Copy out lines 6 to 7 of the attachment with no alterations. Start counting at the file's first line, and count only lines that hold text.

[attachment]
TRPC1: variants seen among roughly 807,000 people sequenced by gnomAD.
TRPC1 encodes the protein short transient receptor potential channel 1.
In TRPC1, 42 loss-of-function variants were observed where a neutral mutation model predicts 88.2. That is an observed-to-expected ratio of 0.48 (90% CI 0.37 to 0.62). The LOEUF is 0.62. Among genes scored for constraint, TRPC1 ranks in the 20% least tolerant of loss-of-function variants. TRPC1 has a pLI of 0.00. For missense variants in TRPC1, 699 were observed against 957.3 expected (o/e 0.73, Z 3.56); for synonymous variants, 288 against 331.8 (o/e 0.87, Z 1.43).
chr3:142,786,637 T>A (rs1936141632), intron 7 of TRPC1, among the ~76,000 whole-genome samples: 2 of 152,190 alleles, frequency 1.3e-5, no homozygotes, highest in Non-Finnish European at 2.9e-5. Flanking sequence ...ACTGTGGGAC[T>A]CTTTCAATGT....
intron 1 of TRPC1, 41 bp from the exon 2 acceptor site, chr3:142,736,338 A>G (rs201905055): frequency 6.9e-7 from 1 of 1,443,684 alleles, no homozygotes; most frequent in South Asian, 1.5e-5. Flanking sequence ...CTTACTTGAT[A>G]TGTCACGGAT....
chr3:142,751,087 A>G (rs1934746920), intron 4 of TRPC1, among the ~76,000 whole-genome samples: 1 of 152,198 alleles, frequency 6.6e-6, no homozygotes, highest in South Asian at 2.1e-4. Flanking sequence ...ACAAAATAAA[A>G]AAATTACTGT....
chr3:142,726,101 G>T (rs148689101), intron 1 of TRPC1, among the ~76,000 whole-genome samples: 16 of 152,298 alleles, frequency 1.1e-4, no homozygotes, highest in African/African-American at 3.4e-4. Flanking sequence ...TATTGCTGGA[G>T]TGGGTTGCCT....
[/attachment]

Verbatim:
chr3:142,751,087 A>G (rs1934746920), intron 4 of TRPC1, among the ~76,000 whole-genome samples: 1 of 152,198 alleles, frequency 6.6e-6, no homozygotes, highest in South Asian at 2.1e-4. Flanking sequence ...ACAAAATAAA[A>G]AAATTACTGT....
chr3:142,726,101 G>T (rs148689101), intron 1 of TRPC1, among the ~76,000 whole-genome samples: 16 of 152,298 alleles, frequency 1.1e-4, no homozygotes, highest in African/African-American at 3.4e-4. Flanking sequence ...TATTGCTGGA[G>T]TGGGTTGCCT....